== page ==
Monthly Archives: July 2012

Empowering Young Entrepreneurs to Face Their Fear

Empowering young entrepreneurs means to provide them with the tools they need to be successful.  It is essential that we teach them how to jump the hurdles that stand in the way of their moving forward toward something they want.

As mentioned in yesterday’s post there are three basic hurdles that many people have in common.  The first of those hurdles is Lack of Belief: “I don’t believe I can do this.”  There are many fear-based limiting beliefs that get in our way.  They include fear of failing, of succeeding, of not being good enough or worthy enough, fear of what others will think of us and so on.

There are two keys to facing these fears.  The first is to develop a positive attitude by making the decision to be in a positive mindset, believing that you will succeed.  It’s a choice for your teens and all they have to do is make it.  Attitude is one of the only things we actually have control over in our lives, we get to choose what kind of attitude we’re going to move through life with.  One quote I like a lot and have as my tag line is, “Attitude is the difference between ordeal and adventure.”  Another quote I like a lot is “A bad attitude is like a flat tire, you can’t go anywhere until you change it.”

The second key is to have a game plan.  Having a plan helps us stay on track and interested.  A plan is like a road map that helps us find our way from point A to each point along the way.

There are three steps to take to jumping this first hurdle.  They are:

  1. Focus on your desires.  Focus on what you want and get into the feeling of what it would be like to have that desire fulfilled.  Seeing your desire and feeling what it would be like are essential to believing you can make it happen.  Help your teens create a vision board depicting the things they desire so they can focus on the pictures and use their imaginations to feel what it would be like to have what they desire, whether it’s a lavish lifestyle with a sports car and lots of bling and a mansion, good grades or good health.
  2. Focus on who you are being.  Concentrate on raising the energy level.  High energy equals higher and more positive thoughts which equal no fear.  Gotta love those endorphins.  Don’t worry, be happy and you won’t be afraid.
  3. Take action.  If your teen is a person that requires structure, then have her create a routine that gets her up and moving everyday so she can get that endorphin rush and be happy rather than be fearful.  Stick to her routine as much as possible so that she isn’t leaving room for doubt and fear to creep in.  And encourage her to get stuff done so she can see progress and feel happy about her accomplishments along the way.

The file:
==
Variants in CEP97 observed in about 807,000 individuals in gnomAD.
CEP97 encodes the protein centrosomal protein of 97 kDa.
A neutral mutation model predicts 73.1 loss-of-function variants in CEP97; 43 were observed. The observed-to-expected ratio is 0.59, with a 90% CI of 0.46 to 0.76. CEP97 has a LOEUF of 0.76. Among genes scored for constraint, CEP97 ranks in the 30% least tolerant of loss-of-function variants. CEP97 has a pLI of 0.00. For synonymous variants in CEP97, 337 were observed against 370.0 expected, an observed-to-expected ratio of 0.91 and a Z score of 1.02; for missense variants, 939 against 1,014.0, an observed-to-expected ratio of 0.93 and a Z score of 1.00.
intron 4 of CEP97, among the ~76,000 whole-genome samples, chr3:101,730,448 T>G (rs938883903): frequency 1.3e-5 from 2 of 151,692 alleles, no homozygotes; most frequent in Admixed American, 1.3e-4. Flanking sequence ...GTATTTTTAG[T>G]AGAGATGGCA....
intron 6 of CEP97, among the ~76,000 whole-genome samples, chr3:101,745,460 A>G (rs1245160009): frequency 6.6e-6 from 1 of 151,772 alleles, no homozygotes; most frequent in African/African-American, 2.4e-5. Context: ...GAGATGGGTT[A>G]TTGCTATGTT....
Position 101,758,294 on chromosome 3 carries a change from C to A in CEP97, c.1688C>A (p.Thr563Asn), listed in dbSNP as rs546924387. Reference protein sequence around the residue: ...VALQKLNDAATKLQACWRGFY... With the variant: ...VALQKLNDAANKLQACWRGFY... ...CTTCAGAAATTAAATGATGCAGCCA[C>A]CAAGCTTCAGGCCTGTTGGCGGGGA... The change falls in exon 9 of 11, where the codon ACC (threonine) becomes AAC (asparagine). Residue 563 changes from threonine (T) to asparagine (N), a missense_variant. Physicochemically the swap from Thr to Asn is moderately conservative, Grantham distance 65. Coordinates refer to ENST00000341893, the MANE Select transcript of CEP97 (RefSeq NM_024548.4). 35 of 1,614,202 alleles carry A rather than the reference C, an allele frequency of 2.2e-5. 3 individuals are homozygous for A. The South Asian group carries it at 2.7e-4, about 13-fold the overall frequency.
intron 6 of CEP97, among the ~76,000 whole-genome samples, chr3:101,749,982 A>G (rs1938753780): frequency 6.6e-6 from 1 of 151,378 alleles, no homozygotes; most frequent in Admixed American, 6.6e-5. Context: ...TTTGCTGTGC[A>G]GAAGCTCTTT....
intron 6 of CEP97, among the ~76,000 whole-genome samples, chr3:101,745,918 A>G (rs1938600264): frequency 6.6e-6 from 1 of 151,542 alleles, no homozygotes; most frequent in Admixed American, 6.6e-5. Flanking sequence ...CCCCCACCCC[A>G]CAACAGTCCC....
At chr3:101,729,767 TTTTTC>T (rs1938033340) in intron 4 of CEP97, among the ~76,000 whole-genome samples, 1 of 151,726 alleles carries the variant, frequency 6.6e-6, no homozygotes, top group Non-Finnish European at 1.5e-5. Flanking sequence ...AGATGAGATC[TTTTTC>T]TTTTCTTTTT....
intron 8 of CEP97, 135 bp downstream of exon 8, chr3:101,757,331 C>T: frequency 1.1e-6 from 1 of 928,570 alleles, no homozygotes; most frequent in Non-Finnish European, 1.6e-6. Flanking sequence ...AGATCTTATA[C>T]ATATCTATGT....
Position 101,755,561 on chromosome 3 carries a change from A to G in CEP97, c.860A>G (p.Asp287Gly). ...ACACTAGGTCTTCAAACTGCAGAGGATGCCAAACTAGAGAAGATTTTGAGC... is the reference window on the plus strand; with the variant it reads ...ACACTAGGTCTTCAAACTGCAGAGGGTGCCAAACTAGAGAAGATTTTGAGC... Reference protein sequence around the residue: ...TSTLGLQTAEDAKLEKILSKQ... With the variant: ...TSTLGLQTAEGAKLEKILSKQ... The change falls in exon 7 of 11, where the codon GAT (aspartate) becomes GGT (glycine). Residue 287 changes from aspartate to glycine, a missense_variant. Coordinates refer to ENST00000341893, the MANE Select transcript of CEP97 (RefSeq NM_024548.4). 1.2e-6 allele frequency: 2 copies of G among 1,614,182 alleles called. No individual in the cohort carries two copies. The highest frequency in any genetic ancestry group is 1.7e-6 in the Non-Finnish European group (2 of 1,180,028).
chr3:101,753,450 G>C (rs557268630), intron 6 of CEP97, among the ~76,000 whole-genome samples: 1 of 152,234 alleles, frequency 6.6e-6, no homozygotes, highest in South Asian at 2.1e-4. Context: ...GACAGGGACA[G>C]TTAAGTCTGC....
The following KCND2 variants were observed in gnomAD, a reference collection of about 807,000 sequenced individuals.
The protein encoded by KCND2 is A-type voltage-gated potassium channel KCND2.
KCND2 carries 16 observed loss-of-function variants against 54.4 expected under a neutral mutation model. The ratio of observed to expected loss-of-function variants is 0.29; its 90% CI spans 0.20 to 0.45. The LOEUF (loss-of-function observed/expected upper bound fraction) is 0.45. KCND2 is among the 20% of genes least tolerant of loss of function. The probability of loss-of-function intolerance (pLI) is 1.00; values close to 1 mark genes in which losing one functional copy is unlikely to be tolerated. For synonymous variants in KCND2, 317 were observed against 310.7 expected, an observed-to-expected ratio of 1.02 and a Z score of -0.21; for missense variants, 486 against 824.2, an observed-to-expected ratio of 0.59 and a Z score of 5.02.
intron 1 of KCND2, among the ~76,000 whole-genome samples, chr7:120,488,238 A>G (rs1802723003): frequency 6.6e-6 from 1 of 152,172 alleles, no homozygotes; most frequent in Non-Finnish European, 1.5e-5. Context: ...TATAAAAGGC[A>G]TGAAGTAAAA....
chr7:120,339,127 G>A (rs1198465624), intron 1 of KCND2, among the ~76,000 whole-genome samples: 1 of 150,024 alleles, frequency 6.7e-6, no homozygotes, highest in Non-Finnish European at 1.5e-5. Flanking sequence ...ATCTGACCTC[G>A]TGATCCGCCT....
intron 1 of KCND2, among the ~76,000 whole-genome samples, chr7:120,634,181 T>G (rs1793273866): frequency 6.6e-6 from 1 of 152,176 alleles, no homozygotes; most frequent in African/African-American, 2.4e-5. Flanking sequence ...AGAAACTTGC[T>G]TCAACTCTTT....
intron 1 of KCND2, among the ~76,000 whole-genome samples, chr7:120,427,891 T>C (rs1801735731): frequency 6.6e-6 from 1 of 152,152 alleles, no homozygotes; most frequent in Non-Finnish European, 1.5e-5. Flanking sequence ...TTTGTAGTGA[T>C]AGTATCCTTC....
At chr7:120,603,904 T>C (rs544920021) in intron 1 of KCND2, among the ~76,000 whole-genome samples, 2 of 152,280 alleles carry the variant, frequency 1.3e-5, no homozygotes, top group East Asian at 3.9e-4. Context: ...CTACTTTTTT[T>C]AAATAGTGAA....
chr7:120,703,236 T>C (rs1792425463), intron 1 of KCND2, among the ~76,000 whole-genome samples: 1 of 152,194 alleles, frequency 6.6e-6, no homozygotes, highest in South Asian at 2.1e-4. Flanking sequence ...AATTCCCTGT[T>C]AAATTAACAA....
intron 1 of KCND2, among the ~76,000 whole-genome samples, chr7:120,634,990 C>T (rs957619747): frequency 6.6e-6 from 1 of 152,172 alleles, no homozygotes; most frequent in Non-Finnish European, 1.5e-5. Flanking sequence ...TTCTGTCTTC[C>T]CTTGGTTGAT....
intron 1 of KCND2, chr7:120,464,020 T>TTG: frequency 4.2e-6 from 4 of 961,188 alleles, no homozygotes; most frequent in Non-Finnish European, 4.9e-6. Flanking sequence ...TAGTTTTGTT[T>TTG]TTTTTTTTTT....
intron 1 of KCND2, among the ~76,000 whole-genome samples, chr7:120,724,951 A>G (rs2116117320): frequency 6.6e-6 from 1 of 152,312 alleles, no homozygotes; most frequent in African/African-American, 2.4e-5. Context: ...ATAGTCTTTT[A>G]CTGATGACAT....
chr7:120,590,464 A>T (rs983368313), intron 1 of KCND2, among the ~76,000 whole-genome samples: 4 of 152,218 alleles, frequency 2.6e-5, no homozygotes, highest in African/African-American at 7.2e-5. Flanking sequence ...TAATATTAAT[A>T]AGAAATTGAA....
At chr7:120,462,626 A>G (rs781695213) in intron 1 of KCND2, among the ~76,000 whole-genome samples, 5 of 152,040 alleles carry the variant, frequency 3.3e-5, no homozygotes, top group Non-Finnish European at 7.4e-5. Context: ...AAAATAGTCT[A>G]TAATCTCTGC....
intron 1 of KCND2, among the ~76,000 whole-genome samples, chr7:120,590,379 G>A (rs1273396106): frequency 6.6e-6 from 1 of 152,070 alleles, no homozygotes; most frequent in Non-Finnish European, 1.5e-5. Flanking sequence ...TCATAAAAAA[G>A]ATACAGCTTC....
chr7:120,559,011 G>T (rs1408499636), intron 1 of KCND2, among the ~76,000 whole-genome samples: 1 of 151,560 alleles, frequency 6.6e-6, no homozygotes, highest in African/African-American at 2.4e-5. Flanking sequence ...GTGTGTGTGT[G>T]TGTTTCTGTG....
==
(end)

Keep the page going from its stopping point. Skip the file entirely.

Tomorrow we’ll take steps to jump the second hurdle, “I don’t have the time or the money.”  See you then.

By the way, have you ENTERED TO WIN the Calm Parenting Program?  Take a look at that opportunity on page.  Just enter your name and email for a chance to be the winner.  The drawing will close on July 15 at midnight and the winner will be notified by email on the 16th.

Empowering Youth Entrepreneurs – three hurdles to jump

In my work with teens in foster care, I learned that the one thing they all had in common was that they wanted a good life, something many of them had never experienced.  The other thing they shared was the same three common hurdles a lot of people have:

  1.  I don’t believe in myself
  2.  I don’t have any money or time
  3.  I don’t know how.

It broke my heart to see how they struggled to try to find jobs and to try to hold on to it once they had one and how difficult it was to see what little self-esteem they established dissolve when they weren’t able to maintain the job.  This wasn’t okay with me.  I knew they could have success if they had an opportunity and support.  I believed in them and provided that opportunity.

I offered to help them start a summer business so they could learn what it was like to have your own business.  I was met with comments like we don’t believe we can do it, don’t have money and don’t know how.

We talked about what things they loved to do, what some of their favorite summer things were.  One young woman said she liked to eat at vendor booths at festivals and fairs and the others jumped on that.  We contacted Island Smoothies to see how much it would cost to buy the ingredients to make smoothies at the fair.  The price was good and the sales representative said they would provide the professional smoothie maker as long as we paid for the product.

A local festival told us they were expecting 5000 people to come that summer so we paid for a booth, purchased the product and learned how to make smoothies.  There were so many valuable lessons from that experience.  In reality, only about 300 people came to the event.  In spite of the low numbers we sold more than 225 smoothies which percentage wise, was an enormous success.  The kids worked hard bringing customers to our table and our product was top quality.  Even though each team member only made a small share to take home, they did make profit, they learned that percentage of sales was more significant than the dollar amount and that they had to be cost effective in order to make a profit.  All in all, it was a great experience.

They learned that you can learn to believe in yourself if you give yourself a chance to prove you can whatever you set out to; they learned that you can reach out for help to finance your efforts, and they experienced that you can learn how with some research and a good support system.

These kids then went out into the community with more self-esteem, a great credit for their resume and a better attitude.  They not only found jobs, but hope for the future by learning to jump these hurdles.

In the next few posts this month, I’ll be writing more about how to help teens jump these hurdles.